The secrets of female Viagra
2/20/13

The announcement of the development of a testosterone nasal spray (a ‘Female Viagra’!) by a team from Liège, aimed at improving women’s sex life, was lucky enough to attract the attention of the media. But for the researchers, for whom Tefina (its name) only represents a small part of their activity, an experiment such as this is almost routine: the University of Liège’s Laboratory of pharmaceutical technology and biopharmacy carries out a great deal of innovative research that is far more complex than the development of this nasal spray. But why this particular route of administration? The contraceptive pill is taken orally, so why not testosterone?

It was a strange turn of fate that thrust the University of Liège’s Laboratory of pharmaceutical technology and biopharmacy into the spotlight. It was the announcement of the development of a testosterone nasal spray (a ‘Female Viagra’!) by the team from Liège, aimed at improving women’s sex life, that was lucky enough to attract the attention of the media. But for the researchers, for whom Tefina (its name) only represents a small part of their activity, this experience was slightly frustrating. “Our discipline is relatively unknown; it’s rarely mentioned in the press", admits Professor Brigitte Evrard, who manages the laboratory and faced her baptism of fire in front of journalists. “And yet we carry out a lot of innovative research that is far more complex than the development of this nasal spray”(read the box). Let’s take this opportunity then to discover the discipline of pharmaceutical technology which actually has a great many ramifications. And for the red thread, what if we were to take... the development of a nasal spray?

Why not orally?

First of all, why this particular routeof administration? The contraceptive pill is taken orally, so why not testosterone? The fact is that any drug taken via the traditional oral route passes through the digestive system, where it is absorbed through the network of veins that drain the intestines and end up in the liver via the portal vein. The liver is our main detoxification centre: it metabolises all the foreign molecules that arrive in it to prepare them to be excreted either into the intestines (a sort of ‘return to sender’) or via the kidneys. This system called the ‘first-pass effect’ provides an excellent barrier against poisoning... but it is also responsible for a considerable loss in the efficacy of the majority of drugs we swallow. In the case of hormones such as testosterone, oestrogen, etc., the first-pass effect is significant.   This is especially true for the contraceptive pill, which means it has to be administered in high doses so that a sufficient amount reaches the blood stream. Oral administration, which seems the obvious choice, isn't always the most effective.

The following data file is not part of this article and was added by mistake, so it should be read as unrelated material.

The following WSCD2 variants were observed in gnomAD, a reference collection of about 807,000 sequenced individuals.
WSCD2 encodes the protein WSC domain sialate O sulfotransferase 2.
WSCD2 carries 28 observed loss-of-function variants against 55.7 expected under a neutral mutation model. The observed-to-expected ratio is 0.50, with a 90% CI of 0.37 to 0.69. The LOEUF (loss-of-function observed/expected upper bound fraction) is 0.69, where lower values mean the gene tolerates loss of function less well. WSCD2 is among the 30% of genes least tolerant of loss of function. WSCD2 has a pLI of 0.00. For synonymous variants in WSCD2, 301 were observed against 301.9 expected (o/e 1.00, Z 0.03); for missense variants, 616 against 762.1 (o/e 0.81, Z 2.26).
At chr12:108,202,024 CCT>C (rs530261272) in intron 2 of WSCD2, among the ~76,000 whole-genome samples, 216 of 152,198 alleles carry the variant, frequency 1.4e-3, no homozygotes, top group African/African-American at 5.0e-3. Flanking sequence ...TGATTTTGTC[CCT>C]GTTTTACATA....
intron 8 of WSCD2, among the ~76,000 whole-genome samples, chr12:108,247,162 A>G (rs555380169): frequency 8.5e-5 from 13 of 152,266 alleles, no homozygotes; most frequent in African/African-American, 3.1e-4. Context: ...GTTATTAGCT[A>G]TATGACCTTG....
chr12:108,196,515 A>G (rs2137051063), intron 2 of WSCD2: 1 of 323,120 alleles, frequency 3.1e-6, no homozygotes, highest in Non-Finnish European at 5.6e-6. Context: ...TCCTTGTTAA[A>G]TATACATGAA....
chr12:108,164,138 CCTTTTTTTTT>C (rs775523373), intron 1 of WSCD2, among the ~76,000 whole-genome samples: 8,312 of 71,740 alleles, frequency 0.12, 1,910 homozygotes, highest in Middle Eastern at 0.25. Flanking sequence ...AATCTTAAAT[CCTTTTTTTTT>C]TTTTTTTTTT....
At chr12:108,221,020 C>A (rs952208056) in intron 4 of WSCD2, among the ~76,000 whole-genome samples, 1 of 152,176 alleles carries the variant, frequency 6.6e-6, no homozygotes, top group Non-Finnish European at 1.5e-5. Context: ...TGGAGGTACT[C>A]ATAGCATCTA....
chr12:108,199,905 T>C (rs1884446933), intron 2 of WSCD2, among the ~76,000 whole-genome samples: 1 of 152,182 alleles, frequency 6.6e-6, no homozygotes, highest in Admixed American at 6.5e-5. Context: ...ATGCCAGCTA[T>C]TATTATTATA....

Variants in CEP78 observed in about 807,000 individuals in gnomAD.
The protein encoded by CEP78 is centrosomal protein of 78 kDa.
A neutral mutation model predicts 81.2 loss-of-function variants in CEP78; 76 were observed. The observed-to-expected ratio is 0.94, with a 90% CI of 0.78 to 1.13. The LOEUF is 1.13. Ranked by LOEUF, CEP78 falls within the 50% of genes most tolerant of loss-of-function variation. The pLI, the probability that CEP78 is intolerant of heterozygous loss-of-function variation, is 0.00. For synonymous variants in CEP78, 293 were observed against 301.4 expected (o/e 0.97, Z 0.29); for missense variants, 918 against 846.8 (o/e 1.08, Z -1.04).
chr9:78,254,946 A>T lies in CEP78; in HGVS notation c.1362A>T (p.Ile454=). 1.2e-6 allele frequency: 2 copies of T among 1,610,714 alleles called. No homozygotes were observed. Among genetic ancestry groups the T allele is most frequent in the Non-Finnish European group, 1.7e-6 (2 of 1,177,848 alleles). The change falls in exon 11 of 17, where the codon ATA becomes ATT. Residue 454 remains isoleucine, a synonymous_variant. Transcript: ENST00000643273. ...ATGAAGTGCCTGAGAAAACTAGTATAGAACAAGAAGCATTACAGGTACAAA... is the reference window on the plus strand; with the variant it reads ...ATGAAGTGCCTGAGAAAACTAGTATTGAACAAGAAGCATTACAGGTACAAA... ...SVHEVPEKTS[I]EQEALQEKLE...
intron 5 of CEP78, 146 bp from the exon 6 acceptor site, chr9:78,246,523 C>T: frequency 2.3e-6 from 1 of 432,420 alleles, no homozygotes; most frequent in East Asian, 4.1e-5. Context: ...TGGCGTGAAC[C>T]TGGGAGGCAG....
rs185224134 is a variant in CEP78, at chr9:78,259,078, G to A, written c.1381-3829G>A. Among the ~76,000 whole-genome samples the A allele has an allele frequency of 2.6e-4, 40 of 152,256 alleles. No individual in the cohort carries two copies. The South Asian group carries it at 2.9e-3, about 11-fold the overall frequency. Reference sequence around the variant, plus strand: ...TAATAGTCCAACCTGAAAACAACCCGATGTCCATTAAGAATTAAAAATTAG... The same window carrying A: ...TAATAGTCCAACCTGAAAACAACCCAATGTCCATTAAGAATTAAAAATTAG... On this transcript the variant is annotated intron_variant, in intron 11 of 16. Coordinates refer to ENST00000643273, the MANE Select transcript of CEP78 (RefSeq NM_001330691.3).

(EN)voies-administrationThere are more interesting alternative routes – one of the key areas of research of the laboratory of Pharamaceutical Technology in Liège – that circumvent the compulsory passage through the liver. Such is the case for transdermal (patches, gels), inhalational (puffers, inhalations), rectal (suppositories), intrauterine and vaginal (hormone-based coils, vaginal rings), sublingual (because the oral mucous membrane isn’t subservient to the portal vein system), and of course transnasal routes. For instance, in the case of hormones for contraceptive purposes, using the vaginal ring that gradually releases an oestroprogestative combination allows the dose administered by the mini pill to be reduced by 20. And in the case of testosterone, where the mannish side effects - hyperpilosity, a husky voice – are highly undesirable in women, high doses must be avoided at all costs. Therefore, with a ratio of 1 to 20, oral administration is clearly not the best solution.

Page : 1 2 3 4 next